The apostle's design then is this: bodily exercise, such as is practised in the public games of Greece, or in the preparatory exercises: and that which some others observe according to rules and institutions of human invention, is of little advantage.
That is the first proposition.
II. The second proposition contained in the text is, that godliness is profitable for all things, having, in particular, promise of the life that is to come.
This indeed stands last. But I have chosen to invert the order, and speak of this first, because the promise, or happiness of the life that now is; as to godliness, or godly persons; very much depends upon the promise of the life that is to come: for which reason I hope this method will not be disapproved.
By godliness I think we are here to understand every branch of religion and virtue, which is reasonable in itself, or expressly required and commanded of God. Indeed the word is sometimes used in a more restrained sense, for that part of our duty which more immediately respects God: as when it is said, that we are taught by the gospel to live "soberly, righteously and godly in this present world," Tit. ii. 12. But at other times the word has a more comprehensive meaning. So at the end of the preceding chapter of this epistle to Timothy, ch. iii. 16. “ And without controversy, great is the mystery of godliness." Again, in another chapter, 1 Tim. vi. 3, 4. "If any man teach otherwise, and consent not to wholesome words, even the words of our Lord Jesus Christ, and the doctrine which is according to godliness; he is proud, knowing nothing." What the apostle intends by godliness here we may learn from a parallel exhortation in the second epistle to this same evangelist: "Flee also youthful lusts; but follow righteousness, faith, charity, peace, with them that call on the Lord out of a pure heart; but foolish and unlearned questions avoid," 2 Tim. ii. 22, 23. There he directs Timothy to follow the several branches of that godliness, to which here in the text he only in general exhorts him to exercise himself.
Undoubtedly godliness in the comprehensive, which is a just sense of the word, includes every thing holy and virtuous, the love of God and our neighbour, and all the duties included in these general precepts and principles of religion.
It includes the fear or reverence of God, trust in his care and providence, faith in his promises, and a readiness to bear and endure whatever he lays upon us.
It includes likewise the practice of truth, righteousness and goodness toward men. should also be meek, patient and long-suffering. And we are to govern and regulate our affections, senses and appetites, according to the rules of reason, using all the comforts and innocent enjoyments of this life with sobriety and moderation.
If we will complete the character of godliness, we should walk in all the ordinances and commandments of the Lord blameless, without any wilful, designed, or allowed exceptions and omissions, or presumptuous transgressions whatever.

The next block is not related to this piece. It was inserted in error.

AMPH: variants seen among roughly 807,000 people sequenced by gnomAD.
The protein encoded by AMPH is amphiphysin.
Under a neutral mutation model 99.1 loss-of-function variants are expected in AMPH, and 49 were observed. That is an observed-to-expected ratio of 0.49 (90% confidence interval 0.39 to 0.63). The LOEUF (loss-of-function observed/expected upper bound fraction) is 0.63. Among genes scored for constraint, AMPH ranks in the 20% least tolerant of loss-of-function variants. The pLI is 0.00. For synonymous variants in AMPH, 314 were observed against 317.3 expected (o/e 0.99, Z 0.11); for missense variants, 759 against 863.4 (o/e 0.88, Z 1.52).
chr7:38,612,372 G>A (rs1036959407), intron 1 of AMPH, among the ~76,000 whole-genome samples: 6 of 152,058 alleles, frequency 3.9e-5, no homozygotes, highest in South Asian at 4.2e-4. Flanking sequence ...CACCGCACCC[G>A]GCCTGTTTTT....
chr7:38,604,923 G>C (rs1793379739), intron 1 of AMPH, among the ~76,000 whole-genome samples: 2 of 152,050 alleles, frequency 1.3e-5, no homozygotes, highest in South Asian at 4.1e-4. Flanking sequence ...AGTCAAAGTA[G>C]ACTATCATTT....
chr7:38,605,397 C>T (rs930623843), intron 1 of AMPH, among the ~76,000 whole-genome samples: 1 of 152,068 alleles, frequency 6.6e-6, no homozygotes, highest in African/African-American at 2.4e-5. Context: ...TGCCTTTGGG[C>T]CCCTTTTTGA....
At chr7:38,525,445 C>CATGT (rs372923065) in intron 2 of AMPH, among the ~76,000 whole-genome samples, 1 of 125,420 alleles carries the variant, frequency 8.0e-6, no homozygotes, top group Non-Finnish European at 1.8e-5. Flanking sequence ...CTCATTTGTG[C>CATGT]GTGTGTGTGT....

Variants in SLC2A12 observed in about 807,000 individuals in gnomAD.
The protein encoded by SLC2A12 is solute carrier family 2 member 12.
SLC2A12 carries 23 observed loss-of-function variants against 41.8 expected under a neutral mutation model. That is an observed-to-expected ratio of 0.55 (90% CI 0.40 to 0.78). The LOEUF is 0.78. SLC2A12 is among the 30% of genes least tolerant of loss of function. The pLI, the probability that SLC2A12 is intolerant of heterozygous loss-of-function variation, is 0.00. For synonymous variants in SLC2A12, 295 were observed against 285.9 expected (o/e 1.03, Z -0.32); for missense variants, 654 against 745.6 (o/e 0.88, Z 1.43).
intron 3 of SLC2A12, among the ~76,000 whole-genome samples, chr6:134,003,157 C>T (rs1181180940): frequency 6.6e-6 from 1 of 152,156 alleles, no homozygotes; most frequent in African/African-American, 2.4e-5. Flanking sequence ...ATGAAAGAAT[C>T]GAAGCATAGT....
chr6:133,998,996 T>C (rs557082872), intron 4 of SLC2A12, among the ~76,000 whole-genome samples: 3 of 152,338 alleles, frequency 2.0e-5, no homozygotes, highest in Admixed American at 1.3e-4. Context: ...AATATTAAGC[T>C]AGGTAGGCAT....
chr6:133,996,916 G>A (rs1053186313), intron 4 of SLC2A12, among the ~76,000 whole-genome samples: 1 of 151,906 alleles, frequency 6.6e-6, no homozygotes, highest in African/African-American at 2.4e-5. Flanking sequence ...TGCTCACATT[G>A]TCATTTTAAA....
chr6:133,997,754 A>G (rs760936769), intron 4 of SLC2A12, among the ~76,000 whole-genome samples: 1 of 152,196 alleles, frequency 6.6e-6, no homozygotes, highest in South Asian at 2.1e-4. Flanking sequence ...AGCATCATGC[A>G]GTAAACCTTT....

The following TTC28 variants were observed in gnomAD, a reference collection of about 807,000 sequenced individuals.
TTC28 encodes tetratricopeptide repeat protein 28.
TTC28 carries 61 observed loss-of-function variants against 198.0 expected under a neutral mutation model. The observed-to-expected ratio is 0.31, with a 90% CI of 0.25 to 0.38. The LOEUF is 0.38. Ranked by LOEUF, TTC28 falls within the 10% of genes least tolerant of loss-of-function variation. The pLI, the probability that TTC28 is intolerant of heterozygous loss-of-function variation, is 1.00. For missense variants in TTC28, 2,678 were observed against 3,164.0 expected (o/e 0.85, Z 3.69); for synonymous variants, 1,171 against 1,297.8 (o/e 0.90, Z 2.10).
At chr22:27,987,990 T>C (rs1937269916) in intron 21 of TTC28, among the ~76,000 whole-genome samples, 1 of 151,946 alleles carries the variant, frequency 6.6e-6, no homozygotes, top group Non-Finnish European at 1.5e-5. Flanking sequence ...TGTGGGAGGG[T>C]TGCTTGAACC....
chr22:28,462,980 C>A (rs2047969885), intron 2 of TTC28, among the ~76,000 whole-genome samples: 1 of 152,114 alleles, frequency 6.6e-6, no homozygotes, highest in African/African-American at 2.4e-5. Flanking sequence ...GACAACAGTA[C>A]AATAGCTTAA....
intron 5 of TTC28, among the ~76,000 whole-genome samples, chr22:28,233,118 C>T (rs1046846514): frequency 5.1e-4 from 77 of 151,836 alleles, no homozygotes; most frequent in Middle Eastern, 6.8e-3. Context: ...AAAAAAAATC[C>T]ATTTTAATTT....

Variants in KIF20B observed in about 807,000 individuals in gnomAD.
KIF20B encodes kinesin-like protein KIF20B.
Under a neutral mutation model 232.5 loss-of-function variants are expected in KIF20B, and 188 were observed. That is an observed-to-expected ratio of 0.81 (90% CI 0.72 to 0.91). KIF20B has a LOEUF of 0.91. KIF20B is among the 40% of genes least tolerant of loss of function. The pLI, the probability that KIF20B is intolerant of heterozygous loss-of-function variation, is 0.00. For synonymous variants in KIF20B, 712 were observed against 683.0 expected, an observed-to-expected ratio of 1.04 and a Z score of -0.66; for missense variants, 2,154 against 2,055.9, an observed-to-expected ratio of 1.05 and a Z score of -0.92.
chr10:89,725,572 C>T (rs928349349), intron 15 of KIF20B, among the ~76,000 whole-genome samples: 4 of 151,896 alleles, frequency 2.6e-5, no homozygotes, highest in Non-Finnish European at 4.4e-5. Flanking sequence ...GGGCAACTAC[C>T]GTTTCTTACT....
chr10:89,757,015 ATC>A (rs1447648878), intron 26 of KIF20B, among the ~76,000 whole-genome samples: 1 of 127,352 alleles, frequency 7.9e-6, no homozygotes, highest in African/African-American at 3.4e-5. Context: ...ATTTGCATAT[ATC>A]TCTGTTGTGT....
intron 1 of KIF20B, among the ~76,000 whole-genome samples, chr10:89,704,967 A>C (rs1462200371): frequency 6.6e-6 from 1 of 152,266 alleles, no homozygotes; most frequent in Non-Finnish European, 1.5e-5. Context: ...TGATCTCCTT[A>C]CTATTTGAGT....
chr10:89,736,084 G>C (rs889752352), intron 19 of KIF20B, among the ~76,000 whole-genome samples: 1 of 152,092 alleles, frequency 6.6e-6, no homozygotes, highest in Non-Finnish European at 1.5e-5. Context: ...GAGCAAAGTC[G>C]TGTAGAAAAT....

And we should maintain and profess the truths, which God has made known to us, whether by reason or by revelation, whoever denies or opposes them.
This is godliness, which, as the apostle here says, ticular] has a promise of the life which is to come."
"is profitable for all things, [and in par
They who live godly, who adhere to and observe the doctrine which is according to godliness, and practise the several parts of piety just described, shall obtain everlasting life; happiness and glory in a future state, when the life that now is has a period.
This is so certain and so manifest a truth, that to you it needs no proof or demonstration. Jesus himself assures us, he came, that his people "might have life; and that they might have it more abundantly," John x. 10. He has declared, that when he shall come again to judge the world, and shall finally separate men according to their different characters, "the righteous shall go away into life eternal," Matt. xxv. 48. He said to his disciples: "If I live, ye shall live also:" John xiv. 19; and bid them "not to fear," though a little "flock," since it "was their Father's good pleasure to give them a kingdom," Luke xii. 32. This is, as it were, his last will and testament: "Father, I will that they whom thou hast given me be with me, where I am, that they may behold my glory, which thou hast given me," John xvii. 24. It would be tedious. to recite only a small part of the passages of the gospels and epistles of the New Testament, where this is clearly taught. I shall only remind you of the beginning of the second epistle to Timothy, and of the epistle to Titus. The former is: "Paul an apostle of Jesus Christ, by the will of God, according to the promise of life, which is in Christ Jesus." The latter: "Paul, a servant of God, and an apostle of Jesus Christ, according to the faith of God's elect, and the acknowledging of the truth which is after godliness: in hope of eternal life, which God, that cannot lie, promised before the world began."